Moore’s Ford Bridge, left. Murdered in the lynching, 1946: Mae and George Dorsey, Roger and Dorothy Malcom. Historical marker on Rt. 78, right.
Moore’s Ford Bridge, present day. Photo by the author.

The right’s harassment campaigns against teachers (as it simultaneously rails against “cancel culture” and purports to champion free speech) have grown ever more extreme and out of control. Consider the story of Catherine Bass, the Mississippi teacher reprimanded and thrown under the bus for answering students’ questions about her sexual identity. Perversely, the school district wielded the state’s educator code of ethics against Bass, twisting its intended meaning to all but accuse her of attempting to engage in sexual conduct with students. This is of a piece with the right’s malicious “groomer” rhetoric — the ugly slander that teachers who run afoul of conservative ideology are pedophiles. This slur is being deployed by the right with no restraint whatsoever, and no sense of decency. School administrators kowtow to bigoted parents, and ultimately drive young and idealistic teachers like Bass from the profession.

About six weeks from this writing, I’m relocating with my family from Georgia, USA to Leeds, United Kingdom. My wife’s employment is the catalyst, but many factors played into our decision. Surely one of them is America’s gun culture and overall toxicity at the moment. What teacher wants to work in such an environment? I will grant that the UK too has problems: nonsense people in positions of power, historical crimes swept under the rug, racism and antisemitism, Brexit, all the rest. But teachers are valued, and far less vulnerable to the kind of culture war flak that exists in the States. Nothing is perfect and we’ll see how it goes.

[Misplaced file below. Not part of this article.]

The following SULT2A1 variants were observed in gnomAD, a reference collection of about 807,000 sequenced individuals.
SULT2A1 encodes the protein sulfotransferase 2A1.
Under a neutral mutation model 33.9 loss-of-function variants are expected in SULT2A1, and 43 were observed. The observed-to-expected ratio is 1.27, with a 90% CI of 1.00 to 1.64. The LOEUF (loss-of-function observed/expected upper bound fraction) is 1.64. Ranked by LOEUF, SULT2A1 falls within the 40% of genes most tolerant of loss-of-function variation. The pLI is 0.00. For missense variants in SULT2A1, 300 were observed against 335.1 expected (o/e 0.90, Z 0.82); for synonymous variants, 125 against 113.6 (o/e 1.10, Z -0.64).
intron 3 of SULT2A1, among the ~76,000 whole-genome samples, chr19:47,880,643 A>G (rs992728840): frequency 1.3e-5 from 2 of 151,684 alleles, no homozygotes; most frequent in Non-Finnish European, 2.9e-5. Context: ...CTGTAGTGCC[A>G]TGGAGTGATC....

The UK makes it very expensive to immigrate, and we are in a position of enormous privilege to do so. (King George III from Hamilton was right: “You’ll be back.” And you’ll pay a large sum, he might have warned.) Those of my friends, fellow teachers, mentors and classmates in Georgia who share my concerns will continue to show up to their jobs and give their everything, regardless of what transpires in the country around them. I don’t have the luxury of washing my hands of it all, because America is still my home. I want to see it overcome its current travails and I’ll do what I can from abroad to help. I will always love the community of Athens, which has a vibe and a musical culture unlike anything I’ve known before. I’ll miss the breathtaking scenery of Oconee, Walton and Morgan Counties, some of the most beautiful countryside I ever saw. Georgia is a wonderful and fascinating state — check out my friend and neighbor Chris Greer’s GPB series View Finders to learn more (disclosure: you’ll hear me and my friends in some of the background music). I don’t know if our English sojourn will last three years or 30, but I fervently hope the US corrects course so that returning becomes an enticing prospect.



David R. Adler

Writer, guitarist and music educator based in Wakefield, United Kingdom.